I have had the privilege of being involved with a large number of cross-disciplinary and multi-centred research studies and trials in collaboration with world-leading scientists, from whom I have learnt a great deal. However, one study that could be described as a defining point in my career, was the first project funded by the Food Standards Agency, on which I was the Principal Investigator to investigate the impact of long chain n-3 polyunsaturated fatty acids on insulin resistance and CVD risk factors in Indian-Asian populations. This was my first experience of the day-to-day management of research staff, volunteers, financial budgets, together with having ultimate responsibility for delivering the final results. The successful completion of the project and dissemination of our findings through the publication of papers in reputable journals felt like an enormous achievement and team effort, and was a large boost to my confidence.
What has been the most rewarding, or challenging, part of your policy and governmental work?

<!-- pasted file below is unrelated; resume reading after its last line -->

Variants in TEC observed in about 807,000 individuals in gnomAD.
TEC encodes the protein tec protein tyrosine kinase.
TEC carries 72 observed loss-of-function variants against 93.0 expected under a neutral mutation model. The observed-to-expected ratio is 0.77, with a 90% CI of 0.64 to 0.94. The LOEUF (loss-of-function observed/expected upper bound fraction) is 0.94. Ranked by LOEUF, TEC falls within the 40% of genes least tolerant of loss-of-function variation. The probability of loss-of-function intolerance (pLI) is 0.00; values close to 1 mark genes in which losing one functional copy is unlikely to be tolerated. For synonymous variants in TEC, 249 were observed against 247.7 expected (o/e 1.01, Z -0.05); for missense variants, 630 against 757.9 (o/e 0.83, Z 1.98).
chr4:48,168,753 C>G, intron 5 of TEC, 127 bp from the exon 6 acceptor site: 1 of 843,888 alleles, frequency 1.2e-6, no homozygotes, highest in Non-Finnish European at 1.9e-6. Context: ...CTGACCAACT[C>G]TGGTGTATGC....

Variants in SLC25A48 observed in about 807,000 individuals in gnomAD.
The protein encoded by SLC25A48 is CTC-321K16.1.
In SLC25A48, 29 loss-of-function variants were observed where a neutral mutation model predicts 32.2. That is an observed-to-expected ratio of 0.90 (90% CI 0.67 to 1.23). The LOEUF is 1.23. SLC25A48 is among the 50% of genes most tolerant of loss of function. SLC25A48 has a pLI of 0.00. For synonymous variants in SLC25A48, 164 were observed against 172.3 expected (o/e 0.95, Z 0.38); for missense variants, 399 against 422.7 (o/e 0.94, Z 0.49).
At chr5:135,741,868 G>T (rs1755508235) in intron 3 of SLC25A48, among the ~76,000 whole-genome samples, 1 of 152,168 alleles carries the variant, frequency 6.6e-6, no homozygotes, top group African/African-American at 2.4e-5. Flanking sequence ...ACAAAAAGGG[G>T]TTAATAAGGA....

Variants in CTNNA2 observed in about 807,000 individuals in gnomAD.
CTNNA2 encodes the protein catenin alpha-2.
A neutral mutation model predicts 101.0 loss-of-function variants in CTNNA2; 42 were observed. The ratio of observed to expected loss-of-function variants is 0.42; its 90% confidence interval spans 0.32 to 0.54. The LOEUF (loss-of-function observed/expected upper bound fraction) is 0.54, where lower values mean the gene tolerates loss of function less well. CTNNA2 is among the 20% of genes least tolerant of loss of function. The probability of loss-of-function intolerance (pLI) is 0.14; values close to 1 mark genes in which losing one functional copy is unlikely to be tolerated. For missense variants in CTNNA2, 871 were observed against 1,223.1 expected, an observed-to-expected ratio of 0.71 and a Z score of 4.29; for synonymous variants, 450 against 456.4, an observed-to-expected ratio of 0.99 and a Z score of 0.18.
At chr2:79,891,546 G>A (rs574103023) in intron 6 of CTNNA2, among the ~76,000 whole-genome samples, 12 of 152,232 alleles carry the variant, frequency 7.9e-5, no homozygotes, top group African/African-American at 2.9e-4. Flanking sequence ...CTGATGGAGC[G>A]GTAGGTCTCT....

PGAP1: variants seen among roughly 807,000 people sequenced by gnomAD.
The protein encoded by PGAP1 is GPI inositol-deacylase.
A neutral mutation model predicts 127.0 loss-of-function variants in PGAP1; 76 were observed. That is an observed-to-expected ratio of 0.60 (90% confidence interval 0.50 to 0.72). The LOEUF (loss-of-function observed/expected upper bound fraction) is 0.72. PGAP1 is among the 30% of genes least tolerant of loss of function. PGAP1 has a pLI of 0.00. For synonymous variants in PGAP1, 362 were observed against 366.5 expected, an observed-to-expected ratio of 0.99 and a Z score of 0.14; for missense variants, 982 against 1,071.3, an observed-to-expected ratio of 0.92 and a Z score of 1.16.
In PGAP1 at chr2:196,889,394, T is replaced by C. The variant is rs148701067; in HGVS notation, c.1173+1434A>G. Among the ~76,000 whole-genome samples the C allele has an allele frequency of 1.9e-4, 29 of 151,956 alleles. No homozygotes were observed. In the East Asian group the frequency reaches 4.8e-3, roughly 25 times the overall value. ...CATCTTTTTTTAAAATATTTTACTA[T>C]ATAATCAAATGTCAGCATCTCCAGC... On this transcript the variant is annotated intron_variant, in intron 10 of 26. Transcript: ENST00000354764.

Public Health Nutrition is a passion of mine, and I’ve been honoured to serve on SACN since 2010. SACN apply rigorous, systematic methods to assess the totality of the evidence for the impact of nutrition on human health and disease in areas relevant to the general public. I had the privilege to sit on the Carbohydrate and Saturated fat working groups, which were involved with the publication of the ‘Carbohydrates and Health’ (2015) and ‘Saturated fats and Health’ (2019) reports. The former report re-defined definitions of, and dietary recommendations for, free sugars and dietary fibres, which helped to inform and change public health policy in the UK. While it was extremely rewarding experience to work with these expert committees, a downside came in the form of accusations of bias and conflicts of interest from the media, which were ill-conceived and completely unfounded. I am extremely proud to be able to contribute to this important public health activity and have great respect for the expertise and integrity of the other members of SACN and associated committees.